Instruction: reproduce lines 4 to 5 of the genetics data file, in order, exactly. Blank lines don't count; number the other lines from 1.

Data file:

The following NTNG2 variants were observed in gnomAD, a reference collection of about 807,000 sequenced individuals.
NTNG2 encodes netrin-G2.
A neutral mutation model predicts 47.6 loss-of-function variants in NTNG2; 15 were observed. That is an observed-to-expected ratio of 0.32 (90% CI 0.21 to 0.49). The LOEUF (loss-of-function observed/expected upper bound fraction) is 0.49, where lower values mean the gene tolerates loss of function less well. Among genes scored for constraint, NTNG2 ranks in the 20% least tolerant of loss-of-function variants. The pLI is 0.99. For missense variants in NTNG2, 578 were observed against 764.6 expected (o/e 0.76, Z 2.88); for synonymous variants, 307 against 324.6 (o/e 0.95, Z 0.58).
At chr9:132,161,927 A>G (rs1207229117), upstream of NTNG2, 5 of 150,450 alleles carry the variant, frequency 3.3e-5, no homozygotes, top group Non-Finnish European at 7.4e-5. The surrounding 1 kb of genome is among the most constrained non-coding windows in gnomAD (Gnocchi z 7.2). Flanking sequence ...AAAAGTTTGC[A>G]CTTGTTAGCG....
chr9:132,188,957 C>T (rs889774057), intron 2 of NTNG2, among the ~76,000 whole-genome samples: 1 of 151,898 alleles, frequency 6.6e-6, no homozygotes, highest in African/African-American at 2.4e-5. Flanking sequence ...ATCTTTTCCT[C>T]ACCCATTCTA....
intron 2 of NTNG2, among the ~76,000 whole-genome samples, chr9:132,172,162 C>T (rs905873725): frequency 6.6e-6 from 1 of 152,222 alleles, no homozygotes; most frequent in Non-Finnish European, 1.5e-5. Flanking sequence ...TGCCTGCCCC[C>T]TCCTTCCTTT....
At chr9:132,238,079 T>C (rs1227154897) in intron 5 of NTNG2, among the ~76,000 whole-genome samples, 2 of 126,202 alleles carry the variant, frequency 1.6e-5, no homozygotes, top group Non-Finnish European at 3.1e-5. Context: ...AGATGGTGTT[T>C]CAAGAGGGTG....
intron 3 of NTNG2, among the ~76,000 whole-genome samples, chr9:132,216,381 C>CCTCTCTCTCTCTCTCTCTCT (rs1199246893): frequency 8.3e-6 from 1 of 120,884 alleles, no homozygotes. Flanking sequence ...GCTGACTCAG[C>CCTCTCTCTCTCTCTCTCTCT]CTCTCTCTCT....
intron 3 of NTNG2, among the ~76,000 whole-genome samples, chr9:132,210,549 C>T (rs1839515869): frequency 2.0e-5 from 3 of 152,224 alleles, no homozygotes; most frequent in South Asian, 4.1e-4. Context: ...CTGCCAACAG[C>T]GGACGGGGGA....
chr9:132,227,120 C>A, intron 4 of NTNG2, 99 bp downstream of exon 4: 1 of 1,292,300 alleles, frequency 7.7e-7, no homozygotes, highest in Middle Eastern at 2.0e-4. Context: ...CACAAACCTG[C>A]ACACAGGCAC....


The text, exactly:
At chr9:132,161,927 A>G (rs1207229117), upstream of NTNG2, 5 of 150,450 alleles carry the variant, frequency 3.3e-5, no homozygotes, top group Non-Finnish European at 7.4e-5. The surrounding 1 kb of genome is among the most constrained non-coding windows in gnomAD (Gnocchi z 7.2). Flanking sequence ...AAAAGTTTGC[A>G]CTTGTTAGCG....
chr9:132,188,957 C>T (rs889774057), intron 2 of NTNG2, among the ~76,000 whole-genome samples: 1 of 151,898 alleles, frequency 6.6e-6, no homozygotes, highest in African/African-American at 2.4e-5. Flanking sequence ...ATCTTTTCCT[C>T]ACCCATTCTA....